Do you suffer from perfectionism and if so, what techniques do you use to manage this? 
I don't!  I love the imperfect, that is one of the main foundations of my work.  I really hate perfect lines, perfect seams and perfect stitches.  I am always attracted to artwork that has a bit of sloppiness to it, it seems free - I want to look at and create art that reminds us that the world is far from perfect, it's chaotic and turbulent - Aspiring to perfection is a futile job and can only led to frustration and stress.  My water-colour creatures are in essence a representation our our imperfection, our worry/stress, our strangeness and our ironic humour - I try to expose this in the face of my characters.  

If you don't, what experiences do you feel are responsible for taking you off the hook here?
I don't know really but I've never defined myself against what others can do or are doing.  I think the need for perfection comes so much from this ideal you that you want others to see.  Saying this, I am not immune to wondering what people think of me or if they like my work, as an artist one is quite exposed.  Maybe the one experience I had what when I was in 5th grade and my mother said to my twin sister and I - "It's ok to be different!"  In some way this opened up a path for me to cultivate myself for me, find my own standards that fit.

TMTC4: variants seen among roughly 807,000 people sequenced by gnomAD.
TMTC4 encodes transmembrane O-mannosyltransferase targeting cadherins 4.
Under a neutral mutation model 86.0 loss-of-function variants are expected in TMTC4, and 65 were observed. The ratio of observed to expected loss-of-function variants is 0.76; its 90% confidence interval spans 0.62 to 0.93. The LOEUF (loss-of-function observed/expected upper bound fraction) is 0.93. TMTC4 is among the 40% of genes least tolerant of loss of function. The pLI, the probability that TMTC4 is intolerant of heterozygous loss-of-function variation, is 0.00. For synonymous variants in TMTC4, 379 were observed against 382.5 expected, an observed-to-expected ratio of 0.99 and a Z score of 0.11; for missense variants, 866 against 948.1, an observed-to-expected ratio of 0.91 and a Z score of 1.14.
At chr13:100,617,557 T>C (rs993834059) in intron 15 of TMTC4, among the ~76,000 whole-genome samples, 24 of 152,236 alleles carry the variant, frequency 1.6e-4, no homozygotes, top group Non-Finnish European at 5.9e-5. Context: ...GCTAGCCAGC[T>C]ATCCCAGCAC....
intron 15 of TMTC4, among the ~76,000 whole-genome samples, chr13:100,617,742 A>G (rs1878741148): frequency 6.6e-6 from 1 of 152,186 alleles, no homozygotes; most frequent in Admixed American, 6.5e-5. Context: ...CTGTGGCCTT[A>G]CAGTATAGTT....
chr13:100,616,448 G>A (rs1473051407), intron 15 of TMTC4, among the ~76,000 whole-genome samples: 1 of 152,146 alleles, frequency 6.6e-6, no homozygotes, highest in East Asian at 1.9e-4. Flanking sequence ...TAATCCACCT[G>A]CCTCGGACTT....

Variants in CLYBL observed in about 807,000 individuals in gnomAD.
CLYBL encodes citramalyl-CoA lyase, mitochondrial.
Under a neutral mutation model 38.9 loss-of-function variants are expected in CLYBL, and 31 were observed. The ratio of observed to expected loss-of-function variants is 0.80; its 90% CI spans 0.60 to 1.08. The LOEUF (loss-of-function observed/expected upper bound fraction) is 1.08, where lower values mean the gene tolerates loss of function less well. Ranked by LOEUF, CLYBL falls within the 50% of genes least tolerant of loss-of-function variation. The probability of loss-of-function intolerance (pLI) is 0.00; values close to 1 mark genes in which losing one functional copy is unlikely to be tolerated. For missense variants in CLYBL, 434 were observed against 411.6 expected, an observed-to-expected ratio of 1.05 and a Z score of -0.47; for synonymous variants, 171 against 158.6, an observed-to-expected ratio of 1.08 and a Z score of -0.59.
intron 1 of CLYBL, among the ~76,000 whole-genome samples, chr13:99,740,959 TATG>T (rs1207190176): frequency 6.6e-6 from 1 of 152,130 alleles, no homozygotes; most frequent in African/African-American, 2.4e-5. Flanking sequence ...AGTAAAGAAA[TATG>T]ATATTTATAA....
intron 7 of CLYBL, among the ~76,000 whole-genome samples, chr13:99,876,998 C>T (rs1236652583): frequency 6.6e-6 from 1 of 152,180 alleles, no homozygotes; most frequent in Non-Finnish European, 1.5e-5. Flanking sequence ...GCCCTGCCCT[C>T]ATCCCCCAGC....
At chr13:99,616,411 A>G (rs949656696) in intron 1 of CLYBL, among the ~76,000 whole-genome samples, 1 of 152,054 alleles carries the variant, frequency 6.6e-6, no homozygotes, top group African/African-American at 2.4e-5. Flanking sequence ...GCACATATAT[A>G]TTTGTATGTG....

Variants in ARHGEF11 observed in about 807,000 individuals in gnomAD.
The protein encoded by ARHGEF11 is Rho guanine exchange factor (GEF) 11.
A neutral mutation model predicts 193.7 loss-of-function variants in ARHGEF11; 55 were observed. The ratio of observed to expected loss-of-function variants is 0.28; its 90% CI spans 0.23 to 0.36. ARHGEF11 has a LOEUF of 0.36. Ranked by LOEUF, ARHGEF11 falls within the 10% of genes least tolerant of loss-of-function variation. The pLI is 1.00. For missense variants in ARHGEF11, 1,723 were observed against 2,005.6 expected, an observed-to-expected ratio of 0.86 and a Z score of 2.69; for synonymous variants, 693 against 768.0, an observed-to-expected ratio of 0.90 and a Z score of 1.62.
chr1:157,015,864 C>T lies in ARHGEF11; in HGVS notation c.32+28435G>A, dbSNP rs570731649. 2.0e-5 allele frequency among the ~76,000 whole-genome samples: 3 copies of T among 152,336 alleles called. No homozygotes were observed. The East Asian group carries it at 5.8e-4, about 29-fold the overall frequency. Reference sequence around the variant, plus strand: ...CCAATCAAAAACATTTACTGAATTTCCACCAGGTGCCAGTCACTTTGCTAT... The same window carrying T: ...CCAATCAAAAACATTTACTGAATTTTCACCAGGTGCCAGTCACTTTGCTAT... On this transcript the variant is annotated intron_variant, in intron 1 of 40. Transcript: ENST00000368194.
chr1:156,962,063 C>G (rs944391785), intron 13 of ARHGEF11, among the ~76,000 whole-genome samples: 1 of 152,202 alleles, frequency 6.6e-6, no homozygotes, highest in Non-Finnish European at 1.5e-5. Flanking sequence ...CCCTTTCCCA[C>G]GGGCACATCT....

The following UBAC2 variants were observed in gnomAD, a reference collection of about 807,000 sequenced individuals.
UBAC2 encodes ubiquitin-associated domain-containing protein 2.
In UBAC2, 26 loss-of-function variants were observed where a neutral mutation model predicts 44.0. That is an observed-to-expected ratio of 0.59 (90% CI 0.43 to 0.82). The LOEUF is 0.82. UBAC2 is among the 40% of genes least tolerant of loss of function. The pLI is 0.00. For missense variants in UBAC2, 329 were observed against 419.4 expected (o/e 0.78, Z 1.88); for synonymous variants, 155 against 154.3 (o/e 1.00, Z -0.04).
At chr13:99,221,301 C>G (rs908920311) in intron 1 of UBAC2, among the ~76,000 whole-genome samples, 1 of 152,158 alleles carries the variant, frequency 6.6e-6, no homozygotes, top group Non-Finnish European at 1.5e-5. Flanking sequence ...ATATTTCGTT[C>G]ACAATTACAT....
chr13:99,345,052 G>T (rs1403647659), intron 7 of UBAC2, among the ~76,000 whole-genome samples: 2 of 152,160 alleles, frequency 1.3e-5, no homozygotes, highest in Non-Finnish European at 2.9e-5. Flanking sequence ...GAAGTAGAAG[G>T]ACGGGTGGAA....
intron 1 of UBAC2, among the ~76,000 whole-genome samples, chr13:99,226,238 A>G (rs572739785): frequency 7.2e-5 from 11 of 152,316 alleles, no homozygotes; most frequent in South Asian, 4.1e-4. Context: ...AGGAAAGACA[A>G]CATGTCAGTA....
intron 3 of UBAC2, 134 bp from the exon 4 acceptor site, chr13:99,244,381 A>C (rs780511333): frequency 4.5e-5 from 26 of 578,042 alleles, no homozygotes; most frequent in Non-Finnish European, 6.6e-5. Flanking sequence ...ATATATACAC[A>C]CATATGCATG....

Do you have a creative support system? How important is this to your process?
I used to have a very creative support system in Korea.  We lived right in the middle of a great part of town in Busan where there were galleries and art activities on a weekly basis.  Here in Oslo, I struggle to find a relaxed, quirky, "we-don't-take-ourselves-too-seriously" kind of environment (I suspect many are on a quest for perfection :)).  That being said I have a wonderful group of friends that support me creatively and even buy my work!  Creating a wider creative support system is a goal of mine, I think it is essential to a vibrant creative life.

More About Sarah:
I am an American/Norwegian living in Oslo, Norway.  I was born in Denver and as a child lived in Minnesota, Michigan, and Atlanta.  In my mid-20's I decided to explore the country I had always loved about and here I am 15 years later!  I come from a family full of artists and entrepreneurs, I grew up where design, colour and beauty were very much valued.  I worked for many years in web development, but have recently started teaching English.  I am currently getting a teaching degree.  I have two funny, kind, creative children who never cease to give me massive amounts of joy!

I create art that attempts to capture the imperfections in a world where things sometimes are not what they seem. In addition to trying to capture these odd details of life, I also want to communicate a message of positivity, strength and humor. I think a lot about my children when I create and the positive way I want them to see themselves and the world around them.  Incorporating materials from my travels in Asia, I create unique mixed media wall art, art dolls and cushions.  

Porfolio Blog -


Popular Posts